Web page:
Is mediation less expensive than going to court? Yes and No. And should cost be the determining factor in deciding whether or not to use mediation? Again, Yes and No.
Is Mediation Always Less Expensive?
While mediation is often less expensive than going to court, that is not always the case. It often depends on the issues that you are fighting about. A full blown litigated divorce case which includes issues of how to split assets such as retirement accounts, real property and business assets, along with issues of custody and parenting time and child and spousal support can easily end up costing $15,000 or more by the time the court case is done. It would be rare for a full blown mediation to cost anywhere near that sum even if you are using attorneys and other professionals such as financial advisers during the mediation process. However, if you are involved in a high conflict family relationship, a good mediator will need to spend a lot of time developing a safe and effective process to assure that the parties at the table get all the information they need to make fully informed agreements and to do it a way that is safe and empowering to everyone involved in the process. More conflicted relationships require not just more face to face meetings but more case development and preparation work on the part of the mediator in between meetings and the use of impartial experts to come up with mutually agreeable values on assets and other financial matters. In such cases, the mediation process can end up costing several thousand dollars. But you need to remember that in cases where parties fight it out in court, each party is spending $15,000 or more just on his or her own attorney and experts, while the other party is spending the same amount on their own attorney and duplicative experts. In mediation, the costs are usually shared by both parties and only one set of agreed upon experts need to be consulted.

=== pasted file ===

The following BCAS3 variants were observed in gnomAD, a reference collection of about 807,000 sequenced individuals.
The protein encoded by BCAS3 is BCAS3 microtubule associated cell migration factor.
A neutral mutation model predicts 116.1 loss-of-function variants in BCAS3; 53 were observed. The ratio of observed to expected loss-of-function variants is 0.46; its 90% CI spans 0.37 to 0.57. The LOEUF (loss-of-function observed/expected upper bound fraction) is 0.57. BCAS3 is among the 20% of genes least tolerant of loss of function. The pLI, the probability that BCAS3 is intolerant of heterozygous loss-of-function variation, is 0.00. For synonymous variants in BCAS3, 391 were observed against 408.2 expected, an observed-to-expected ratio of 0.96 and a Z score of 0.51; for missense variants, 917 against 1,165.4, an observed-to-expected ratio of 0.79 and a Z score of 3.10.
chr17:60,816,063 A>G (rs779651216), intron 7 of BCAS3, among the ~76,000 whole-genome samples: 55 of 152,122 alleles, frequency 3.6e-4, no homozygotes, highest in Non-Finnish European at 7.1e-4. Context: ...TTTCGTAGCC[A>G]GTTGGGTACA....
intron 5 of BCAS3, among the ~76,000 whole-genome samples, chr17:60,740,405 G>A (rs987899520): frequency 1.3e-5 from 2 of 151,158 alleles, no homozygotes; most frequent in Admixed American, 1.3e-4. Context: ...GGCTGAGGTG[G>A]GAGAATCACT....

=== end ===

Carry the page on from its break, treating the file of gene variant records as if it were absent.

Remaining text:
Should Cost Be The Determining Factor in Deciding on Whether or Not To Use Mediation?
Cost should definitely be ONE factor. Why dissipate all of your assets fighting about them if you have another alternative? However, each case is different and you have to weigh the pros and cons of each process as it applies to your individual situation. For instance, if there is a history of severe physical domestic abuse in your relationship, it is probably not appropriate for mediation unless you are working with a mediator who is highly skilled in evaluating you case and assuring that measures are in place to maintain safety and power balances and who can continually evaluate the situation to determine if mediation should continue. There may be other cases where going to court is more appropriate as well. A good mediator will help you evaluate the pros and cons of using mediation versus going to court, not only before you start mediation, but throughout the process.